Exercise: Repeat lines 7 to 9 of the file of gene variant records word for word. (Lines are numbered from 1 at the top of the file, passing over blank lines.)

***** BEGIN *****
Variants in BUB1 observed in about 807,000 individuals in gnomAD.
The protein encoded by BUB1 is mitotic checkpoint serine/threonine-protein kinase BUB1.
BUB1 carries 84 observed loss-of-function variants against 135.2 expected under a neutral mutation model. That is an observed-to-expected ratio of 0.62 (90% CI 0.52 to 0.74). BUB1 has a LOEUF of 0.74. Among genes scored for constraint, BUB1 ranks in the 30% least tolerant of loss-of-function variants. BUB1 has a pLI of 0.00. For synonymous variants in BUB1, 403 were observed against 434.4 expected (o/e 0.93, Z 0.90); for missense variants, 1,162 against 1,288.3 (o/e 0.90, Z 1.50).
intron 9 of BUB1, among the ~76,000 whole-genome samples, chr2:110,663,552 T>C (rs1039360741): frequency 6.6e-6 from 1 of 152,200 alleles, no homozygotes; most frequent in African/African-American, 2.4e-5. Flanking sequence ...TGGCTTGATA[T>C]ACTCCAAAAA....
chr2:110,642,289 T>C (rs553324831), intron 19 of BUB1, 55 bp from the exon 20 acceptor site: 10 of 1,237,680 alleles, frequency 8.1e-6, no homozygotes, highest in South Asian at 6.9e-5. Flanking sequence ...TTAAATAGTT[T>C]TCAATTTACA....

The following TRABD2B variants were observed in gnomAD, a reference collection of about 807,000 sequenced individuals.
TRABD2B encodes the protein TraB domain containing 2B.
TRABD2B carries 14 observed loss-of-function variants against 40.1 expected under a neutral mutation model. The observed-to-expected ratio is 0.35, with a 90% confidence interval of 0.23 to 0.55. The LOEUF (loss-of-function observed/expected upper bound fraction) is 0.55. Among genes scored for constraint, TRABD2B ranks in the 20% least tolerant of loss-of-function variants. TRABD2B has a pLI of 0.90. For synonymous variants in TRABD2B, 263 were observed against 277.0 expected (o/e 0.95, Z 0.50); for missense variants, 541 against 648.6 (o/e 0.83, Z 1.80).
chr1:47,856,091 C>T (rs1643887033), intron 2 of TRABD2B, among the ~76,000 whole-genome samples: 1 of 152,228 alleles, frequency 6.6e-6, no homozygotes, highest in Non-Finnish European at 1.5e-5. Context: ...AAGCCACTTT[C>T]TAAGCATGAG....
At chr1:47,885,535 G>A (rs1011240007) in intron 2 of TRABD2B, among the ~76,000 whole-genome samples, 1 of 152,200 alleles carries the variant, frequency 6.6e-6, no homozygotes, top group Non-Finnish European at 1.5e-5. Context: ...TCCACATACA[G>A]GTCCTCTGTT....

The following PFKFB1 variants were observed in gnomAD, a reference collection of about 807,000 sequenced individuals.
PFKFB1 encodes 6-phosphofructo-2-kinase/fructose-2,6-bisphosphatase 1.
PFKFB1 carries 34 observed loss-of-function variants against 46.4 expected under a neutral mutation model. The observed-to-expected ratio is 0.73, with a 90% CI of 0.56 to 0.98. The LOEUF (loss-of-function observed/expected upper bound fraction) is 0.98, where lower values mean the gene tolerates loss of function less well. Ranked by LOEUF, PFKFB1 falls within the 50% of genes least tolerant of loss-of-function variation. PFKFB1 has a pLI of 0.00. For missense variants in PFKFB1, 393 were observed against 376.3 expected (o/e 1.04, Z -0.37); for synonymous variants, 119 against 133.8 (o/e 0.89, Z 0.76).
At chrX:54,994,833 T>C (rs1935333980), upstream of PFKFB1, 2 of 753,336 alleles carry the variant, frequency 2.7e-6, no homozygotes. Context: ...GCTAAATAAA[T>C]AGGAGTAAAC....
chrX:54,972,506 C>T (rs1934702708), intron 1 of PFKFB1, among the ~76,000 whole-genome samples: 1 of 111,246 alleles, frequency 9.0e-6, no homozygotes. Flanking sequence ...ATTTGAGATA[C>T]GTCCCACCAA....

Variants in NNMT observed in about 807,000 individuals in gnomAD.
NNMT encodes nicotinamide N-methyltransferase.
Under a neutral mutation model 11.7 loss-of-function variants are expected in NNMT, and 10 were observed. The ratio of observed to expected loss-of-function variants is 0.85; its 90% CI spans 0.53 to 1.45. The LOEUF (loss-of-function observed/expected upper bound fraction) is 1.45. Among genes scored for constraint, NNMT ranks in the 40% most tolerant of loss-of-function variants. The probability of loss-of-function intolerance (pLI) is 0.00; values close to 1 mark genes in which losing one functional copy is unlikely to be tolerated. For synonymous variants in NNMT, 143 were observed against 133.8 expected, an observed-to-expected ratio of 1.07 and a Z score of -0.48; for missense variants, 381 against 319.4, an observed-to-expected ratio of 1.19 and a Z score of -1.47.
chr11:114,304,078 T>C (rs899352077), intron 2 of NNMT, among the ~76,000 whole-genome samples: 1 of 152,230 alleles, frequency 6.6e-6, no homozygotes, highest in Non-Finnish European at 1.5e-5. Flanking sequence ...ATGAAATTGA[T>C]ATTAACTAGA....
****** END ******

TRABD2B encodes the protein TraB domain containing 2B.
TRABD2B carries 14 observed loss-of-function variants against 40.1 expected under a neutral mutation model. The observed-to-expected ratio is 0.35, with a 90% confidence interval of 0.23 to 0.55. The LOEUF (loss-of-function observed/expected upper bound fraction) is 0.55. Among genes scored for constraint, TRABD2B ranks in the 20% least tolerant of loss-of-function variants. TRABD2B has a pLI of 0.90. For synonymous variants in TRABD2B, 263 were observed against 277.0 expected (o/e 0.95, Z 0.50); for missense variants, 541 against 648.6 (o/e 0.83, Z 1.80).
chr1:47,856,091 C>T (rs1643887033), intron 2 of TRABD2B, among the ~76,000 whole-genome samples: 1 of 152,228 alleles, frequency 6.6e-6, no homozygotes, highest in Non-Finnish European at 1.5e-5. Context: ...AAGCCACTTT[C>T]TAAGCATGAG....